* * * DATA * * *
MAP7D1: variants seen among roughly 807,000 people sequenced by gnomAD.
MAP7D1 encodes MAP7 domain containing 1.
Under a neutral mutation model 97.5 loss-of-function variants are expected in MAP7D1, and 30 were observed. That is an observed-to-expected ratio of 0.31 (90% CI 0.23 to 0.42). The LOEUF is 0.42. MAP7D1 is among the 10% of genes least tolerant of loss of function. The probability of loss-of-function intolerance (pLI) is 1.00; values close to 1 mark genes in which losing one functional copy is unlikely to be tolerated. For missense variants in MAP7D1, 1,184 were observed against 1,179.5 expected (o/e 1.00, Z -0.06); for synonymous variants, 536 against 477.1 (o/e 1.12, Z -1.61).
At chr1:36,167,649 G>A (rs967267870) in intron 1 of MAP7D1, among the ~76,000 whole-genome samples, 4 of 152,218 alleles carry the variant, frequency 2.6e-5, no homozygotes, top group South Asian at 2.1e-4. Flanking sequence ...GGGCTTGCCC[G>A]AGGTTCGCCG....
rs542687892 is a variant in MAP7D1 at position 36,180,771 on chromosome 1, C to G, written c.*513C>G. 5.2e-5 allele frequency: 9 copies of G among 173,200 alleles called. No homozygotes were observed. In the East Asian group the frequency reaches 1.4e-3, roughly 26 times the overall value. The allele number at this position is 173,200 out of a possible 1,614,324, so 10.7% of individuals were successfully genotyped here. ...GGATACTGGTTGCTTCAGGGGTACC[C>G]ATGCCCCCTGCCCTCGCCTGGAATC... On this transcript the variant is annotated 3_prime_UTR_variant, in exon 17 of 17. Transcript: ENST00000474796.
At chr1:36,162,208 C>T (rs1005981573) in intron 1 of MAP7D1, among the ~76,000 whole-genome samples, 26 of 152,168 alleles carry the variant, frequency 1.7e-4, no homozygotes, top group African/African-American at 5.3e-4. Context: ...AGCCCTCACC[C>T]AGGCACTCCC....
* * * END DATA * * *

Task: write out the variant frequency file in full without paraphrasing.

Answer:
MAP7D1: variants seen among roughly 807,000 people sequenced by gnomAD.
MAP7D1 encodes MAP7 domain containing 1.
Under a neutral mutation model 97.5 loss-of-function variants are expected in MAP7D1, and 30 were observed. That is an observed-to-expected ratio of 0.31 (90% CI 0.23 to 0.42). The LOEUF is 0.42. MAP7D1 is among the 10% of genes least tolerant of loss of function. The probability of loss-of-function intolerance (pLI) is 1.00; values close to 1 mark genes in which losing one functional copy is unlikely to be tolerated. For missense variants in MAP7D1, 1,184 were observed against 1,179.5 expected (o/e 1.00, Z -0.06); for synonymous variants, 536 against 477.1 (o/e 1.12, Z -1.61).
At chr1:36,167,649 G>A (rs967267870) in intron 1 of MAP7D1, among the ~76,000 whole-genome samples, 4 of 152,218 alleles carry the variant, frequency 2.6e-5, no homozygotes, top group South Asian at 2.1e-4. Flanking sequence ...GGGCTTGCCC[G>A]AGGTTCGCCG....
rs542687892 is a variant in MAP7D1 at position 36,180,771 on chromosome 1, C to G, written c.*513C>G. 5.2e-5 allele frequency: 9 copies of G among 173,200 alleles called. No homozygotes were observed. In the East Asian group the frequency reaches 1.4e-3, roughly 26 times the overall value. The allele number at this position is 173,200 out of a possible 1,614,324, so 10.7% of individuals were successfully genotyped here. ...GGATACTGGTTGCTTCAGGGGTACC[C>G]ATGCCCCCTGCCCTCGCCTGGAATC... On this transcript the variant is annotated 3_prime_UTR_variant, in exon 17 of 17. Transcript: ENST00000474796.
At chr1:36,162,208 C>T (rs1005981573) in intron 1 of MAP7D1, among the ~76,000 whole-genome samples, 26 of 152,168 alleles carry the variant, frequency 1.7e-4, no homozygotes, top group African/African-American at 5.3e-4. Context: ...AGCCCTCACC[C>T]AGGCACTCCC....